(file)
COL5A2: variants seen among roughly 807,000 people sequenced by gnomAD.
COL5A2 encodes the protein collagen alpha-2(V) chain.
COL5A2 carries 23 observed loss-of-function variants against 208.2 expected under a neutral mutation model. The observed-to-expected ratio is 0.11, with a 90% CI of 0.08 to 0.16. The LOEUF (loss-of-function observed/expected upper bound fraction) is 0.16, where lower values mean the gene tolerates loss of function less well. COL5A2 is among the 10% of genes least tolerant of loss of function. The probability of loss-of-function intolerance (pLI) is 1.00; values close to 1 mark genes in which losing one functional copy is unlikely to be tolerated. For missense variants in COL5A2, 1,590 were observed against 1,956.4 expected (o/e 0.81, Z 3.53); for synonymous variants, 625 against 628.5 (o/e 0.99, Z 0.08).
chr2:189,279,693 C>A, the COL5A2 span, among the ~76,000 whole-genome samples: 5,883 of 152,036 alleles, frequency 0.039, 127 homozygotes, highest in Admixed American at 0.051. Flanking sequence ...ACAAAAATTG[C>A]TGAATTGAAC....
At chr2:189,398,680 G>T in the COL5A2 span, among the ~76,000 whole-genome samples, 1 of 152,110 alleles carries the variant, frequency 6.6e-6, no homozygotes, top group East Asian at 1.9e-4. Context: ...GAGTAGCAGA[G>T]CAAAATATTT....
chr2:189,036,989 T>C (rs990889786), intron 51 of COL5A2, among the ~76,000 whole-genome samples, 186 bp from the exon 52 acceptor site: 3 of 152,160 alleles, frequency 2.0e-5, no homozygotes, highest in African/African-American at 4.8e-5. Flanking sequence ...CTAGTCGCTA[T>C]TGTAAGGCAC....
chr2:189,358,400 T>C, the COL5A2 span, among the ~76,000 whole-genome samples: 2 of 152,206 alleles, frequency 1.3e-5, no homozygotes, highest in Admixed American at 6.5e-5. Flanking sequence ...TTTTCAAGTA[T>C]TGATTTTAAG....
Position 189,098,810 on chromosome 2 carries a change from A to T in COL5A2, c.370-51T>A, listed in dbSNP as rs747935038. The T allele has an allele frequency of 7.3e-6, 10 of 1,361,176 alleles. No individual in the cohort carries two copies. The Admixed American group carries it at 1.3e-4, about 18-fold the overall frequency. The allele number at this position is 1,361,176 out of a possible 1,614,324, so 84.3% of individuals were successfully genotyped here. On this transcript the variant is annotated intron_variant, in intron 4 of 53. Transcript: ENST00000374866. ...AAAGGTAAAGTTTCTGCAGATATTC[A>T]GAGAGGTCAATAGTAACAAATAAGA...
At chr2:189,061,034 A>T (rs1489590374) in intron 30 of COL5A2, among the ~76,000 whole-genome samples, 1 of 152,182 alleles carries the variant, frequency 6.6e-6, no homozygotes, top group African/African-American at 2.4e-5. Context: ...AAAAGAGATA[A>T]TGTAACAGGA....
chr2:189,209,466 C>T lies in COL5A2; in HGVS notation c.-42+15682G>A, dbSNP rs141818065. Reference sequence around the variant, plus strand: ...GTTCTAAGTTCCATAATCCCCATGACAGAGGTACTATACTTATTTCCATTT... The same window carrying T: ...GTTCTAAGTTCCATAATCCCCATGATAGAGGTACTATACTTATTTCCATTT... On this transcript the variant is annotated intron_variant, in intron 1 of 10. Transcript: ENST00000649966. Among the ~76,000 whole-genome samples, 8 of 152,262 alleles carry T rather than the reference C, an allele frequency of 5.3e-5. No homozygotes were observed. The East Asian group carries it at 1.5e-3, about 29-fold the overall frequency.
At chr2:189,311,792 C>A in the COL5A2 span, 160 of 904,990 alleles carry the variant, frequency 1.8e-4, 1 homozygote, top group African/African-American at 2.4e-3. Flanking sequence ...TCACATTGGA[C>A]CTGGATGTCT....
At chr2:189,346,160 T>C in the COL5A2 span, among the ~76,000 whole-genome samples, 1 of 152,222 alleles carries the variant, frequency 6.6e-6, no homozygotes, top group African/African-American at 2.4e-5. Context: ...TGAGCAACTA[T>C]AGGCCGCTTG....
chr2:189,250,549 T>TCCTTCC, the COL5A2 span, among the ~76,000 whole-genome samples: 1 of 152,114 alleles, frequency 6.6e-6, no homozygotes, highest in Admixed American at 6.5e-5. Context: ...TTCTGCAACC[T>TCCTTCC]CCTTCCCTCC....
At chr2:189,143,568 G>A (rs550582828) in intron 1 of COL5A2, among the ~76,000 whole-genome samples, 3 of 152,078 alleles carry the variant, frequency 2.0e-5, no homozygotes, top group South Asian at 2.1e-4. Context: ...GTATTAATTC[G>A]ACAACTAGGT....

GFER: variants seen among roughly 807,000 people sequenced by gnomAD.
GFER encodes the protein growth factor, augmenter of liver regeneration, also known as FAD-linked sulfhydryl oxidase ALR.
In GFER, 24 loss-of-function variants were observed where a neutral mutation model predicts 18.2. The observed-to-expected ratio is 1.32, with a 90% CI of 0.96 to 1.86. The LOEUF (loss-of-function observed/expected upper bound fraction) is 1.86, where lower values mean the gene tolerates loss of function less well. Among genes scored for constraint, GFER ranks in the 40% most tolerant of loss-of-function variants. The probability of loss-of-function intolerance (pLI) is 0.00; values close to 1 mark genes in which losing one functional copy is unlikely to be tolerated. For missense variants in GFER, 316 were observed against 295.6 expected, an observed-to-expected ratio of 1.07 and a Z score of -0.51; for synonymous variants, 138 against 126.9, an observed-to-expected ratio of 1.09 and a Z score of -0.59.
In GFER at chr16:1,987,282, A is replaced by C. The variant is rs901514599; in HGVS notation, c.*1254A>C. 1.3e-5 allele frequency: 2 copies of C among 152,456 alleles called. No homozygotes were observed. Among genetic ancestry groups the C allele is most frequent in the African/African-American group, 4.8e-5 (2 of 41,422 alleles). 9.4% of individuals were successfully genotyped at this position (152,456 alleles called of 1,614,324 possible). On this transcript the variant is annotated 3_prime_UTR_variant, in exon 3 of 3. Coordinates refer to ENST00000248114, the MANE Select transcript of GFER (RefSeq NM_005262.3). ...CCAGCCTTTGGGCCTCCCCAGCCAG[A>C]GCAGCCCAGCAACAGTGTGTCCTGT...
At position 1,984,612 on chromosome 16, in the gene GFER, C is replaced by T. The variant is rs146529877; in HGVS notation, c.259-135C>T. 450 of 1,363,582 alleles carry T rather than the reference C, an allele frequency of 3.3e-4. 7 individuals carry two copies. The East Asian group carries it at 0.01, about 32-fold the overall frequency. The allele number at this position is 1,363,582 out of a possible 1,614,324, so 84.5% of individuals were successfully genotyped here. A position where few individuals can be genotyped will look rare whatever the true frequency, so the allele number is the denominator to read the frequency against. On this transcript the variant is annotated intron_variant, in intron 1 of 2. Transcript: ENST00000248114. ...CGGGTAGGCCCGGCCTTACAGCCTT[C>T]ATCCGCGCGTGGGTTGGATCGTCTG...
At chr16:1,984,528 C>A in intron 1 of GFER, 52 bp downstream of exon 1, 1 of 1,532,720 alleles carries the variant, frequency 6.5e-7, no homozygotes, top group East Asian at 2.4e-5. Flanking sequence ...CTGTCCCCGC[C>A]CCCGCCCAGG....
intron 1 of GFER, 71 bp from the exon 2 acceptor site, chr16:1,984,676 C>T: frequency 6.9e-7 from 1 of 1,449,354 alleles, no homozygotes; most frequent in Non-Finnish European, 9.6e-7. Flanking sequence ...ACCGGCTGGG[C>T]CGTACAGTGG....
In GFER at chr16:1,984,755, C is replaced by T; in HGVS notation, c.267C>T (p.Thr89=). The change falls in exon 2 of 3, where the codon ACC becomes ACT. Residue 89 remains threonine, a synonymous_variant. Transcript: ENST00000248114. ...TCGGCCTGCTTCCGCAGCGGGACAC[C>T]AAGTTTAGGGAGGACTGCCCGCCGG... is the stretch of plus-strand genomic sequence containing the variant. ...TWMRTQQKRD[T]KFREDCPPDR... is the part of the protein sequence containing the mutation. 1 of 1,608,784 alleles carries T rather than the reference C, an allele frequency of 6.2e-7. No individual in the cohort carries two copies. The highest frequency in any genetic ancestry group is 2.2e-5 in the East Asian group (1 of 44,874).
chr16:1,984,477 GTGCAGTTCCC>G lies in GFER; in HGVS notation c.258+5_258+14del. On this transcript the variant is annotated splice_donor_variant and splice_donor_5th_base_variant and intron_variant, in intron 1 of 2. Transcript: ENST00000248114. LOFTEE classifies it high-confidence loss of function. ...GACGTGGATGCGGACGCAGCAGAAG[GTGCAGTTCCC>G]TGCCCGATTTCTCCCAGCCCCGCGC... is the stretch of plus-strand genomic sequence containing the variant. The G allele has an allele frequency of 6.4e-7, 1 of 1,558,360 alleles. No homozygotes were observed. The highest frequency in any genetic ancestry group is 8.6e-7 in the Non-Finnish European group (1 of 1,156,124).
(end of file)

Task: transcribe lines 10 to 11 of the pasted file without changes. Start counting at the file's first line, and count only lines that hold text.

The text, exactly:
chr2:189,209,466 C>T lies in COL5A2; in HGVS notation c.-42+15682G>A, dbSNP rs141818065. Reference sequence around the variant, plus strand: ...GTTCTAAGTTCCATAATCCCCATGACAGAGGTACTATACTTATTTCCATTT... The same window carrying T: ...GTTCTAAGTTCCATAATCCCCATGATAGAGGTACTATACTTATTTCCATTT... On this transcript the variant is annotated intron_variant, in intron 1 of 10. Transcript: ENST00000649966. Among the ~76,000 whole-genome samples, 8 of 152,262 alleles carry T rather than the reference C, an allele frequency of 5.3e-5. No homozygotes were observed. The East Asian group carries it at 1.5e-3, about 29-fold the overall frequency.
At chr2:189,311,792 C>A in the COL5A2 span, 160 of 904,990 alleles carry the variant, frequency 1.8e-4, 1 homozygote, top group African/African-American at 2.4e-3. Flanking sequence ...TCACATTGGA[C>A]CTGGATGTCT....